Sunday, July 31, 2011

Nickel and Dimed

Nickel and Dimed: on (Not) getting by in America
Barbara Ehrenreich (Henry Holt, 2001)

The financial page picture of economic life in America is dismal these days, but in a way that strikes me as abstract. The Dow Jones is down, the NASDAQ has crumbled, and IRA investors are nervous. A look at the fine print reveals rising personal debt, and the looming threat of corporate layoffs. In Nickel and Dimed, Barbara Ehrenreich dives right down past those abstractions, into the lives of people who may never be able to retire
at all, let alone in Wall-Street-supported comfort.
Ehrenreich went out and applied for jobs in Florida, Maine, and Minnesota. She folded clothes at Wal-Mart, waited tables, washed dish, and cleaned houses, to see what it's like to live on what those jobs pay. No big news, in a sense--it stinks: "What you don't necessarily realize when you start selling your time by the hour is that what you're actually selling is your life."
Ehrenreich allowed herself a safety net. She always had a car, a place to live, an ATM card. She came with the first month’s rent; the experiment was to see if she could legitimately earn another month’s rent in the best job (or jobs) that an ordinary person could get. “In addition to being mobile and unencumbered, I am probably in a lot better health than most members of the long-term low-wage workforce. I had everything going for me.” But nowhere does the equation work out.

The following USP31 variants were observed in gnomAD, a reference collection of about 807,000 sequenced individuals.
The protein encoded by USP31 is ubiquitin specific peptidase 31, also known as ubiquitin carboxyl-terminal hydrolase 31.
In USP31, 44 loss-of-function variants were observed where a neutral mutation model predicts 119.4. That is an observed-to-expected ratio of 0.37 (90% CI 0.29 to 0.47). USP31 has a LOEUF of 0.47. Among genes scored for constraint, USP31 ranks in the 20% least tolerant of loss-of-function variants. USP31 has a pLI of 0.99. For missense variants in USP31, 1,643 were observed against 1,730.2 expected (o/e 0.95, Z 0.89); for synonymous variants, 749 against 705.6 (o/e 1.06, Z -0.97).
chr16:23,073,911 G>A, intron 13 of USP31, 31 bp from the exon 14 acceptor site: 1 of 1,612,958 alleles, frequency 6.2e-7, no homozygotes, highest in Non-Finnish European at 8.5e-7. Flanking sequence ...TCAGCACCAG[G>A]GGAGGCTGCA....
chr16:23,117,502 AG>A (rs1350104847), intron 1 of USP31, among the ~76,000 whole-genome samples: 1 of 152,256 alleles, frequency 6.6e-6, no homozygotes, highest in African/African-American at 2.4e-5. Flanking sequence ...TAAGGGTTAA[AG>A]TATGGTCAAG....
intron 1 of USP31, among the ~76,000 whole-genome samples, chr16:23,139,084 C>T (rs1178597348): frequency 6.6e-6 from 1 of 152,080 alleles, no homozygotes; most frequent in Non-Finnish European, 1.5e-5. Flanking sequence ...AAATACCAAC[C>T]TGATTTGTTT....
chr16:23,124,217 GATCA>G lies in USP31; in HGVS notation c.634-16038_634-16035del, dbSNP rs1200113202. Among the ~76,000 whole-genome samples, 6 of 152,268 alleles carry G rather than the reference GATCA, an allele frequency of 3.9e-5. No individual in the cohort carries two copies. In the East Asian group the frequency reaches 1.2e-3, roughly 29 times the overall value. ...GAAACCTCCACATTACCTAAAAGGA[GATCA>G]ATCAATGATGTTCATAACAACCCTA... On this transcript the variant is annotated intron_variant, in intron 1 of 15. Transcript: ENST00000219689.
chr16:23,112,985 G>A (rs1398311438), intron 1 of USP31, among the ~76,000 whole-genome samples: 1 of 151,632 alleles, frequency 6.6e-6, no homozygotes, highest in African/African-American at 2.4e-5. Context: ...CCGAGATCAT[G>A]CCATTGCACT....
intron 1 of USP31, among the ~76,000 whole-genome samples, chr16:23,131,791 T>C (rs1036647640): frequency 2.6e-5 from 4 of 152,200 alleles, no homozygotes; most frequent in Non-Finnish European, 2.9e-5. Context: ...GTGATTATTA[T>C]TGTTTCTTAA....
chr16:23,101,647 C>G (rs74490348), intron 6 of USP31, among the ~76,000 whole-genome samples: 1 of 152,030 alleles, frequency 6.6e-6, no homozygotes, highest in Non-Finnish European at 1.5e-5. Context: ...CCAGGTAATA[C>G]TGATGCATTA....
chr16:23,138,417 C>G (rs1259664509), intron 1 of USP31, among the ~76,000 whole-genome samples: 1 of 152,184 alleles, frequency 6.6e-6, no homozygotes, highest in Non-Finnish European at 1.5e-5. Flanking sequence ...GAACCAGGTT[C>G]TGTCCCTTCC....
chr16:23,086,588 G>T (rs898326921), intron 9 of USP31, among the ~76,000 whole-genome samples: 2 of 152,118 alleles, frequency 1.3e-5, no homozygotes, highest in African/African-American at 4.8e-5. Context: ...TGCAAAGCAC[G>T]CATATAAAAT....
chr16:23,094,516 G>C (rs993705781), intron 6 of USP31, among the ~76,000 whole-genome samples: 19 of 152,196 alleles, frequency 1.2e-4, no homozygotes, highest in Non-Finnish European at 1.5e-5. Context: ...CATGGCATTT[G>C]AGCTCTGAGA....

This is a passionate, painful book. It could not have been done as a thought experiment. “There’s no way, for example, to pretend to be a waitress: the food either gets to the table or not.” Ehrenreich is really exhausted, her knees and back really hurt--and in the end she gets to go home, back across the divide into the world of people who can reach into their wallets to buy this book.
The last chapter of Nickel and Dimed treats the economic nuts and bolts of the experiment. Market rents go up; market wages do not; and the working poor go without lunch to make up the difference. The chapter concludes with a discussion of how the lowest-paid have disappeared from the agenda of American politics and media. Our blindness is our shame.

September 2001

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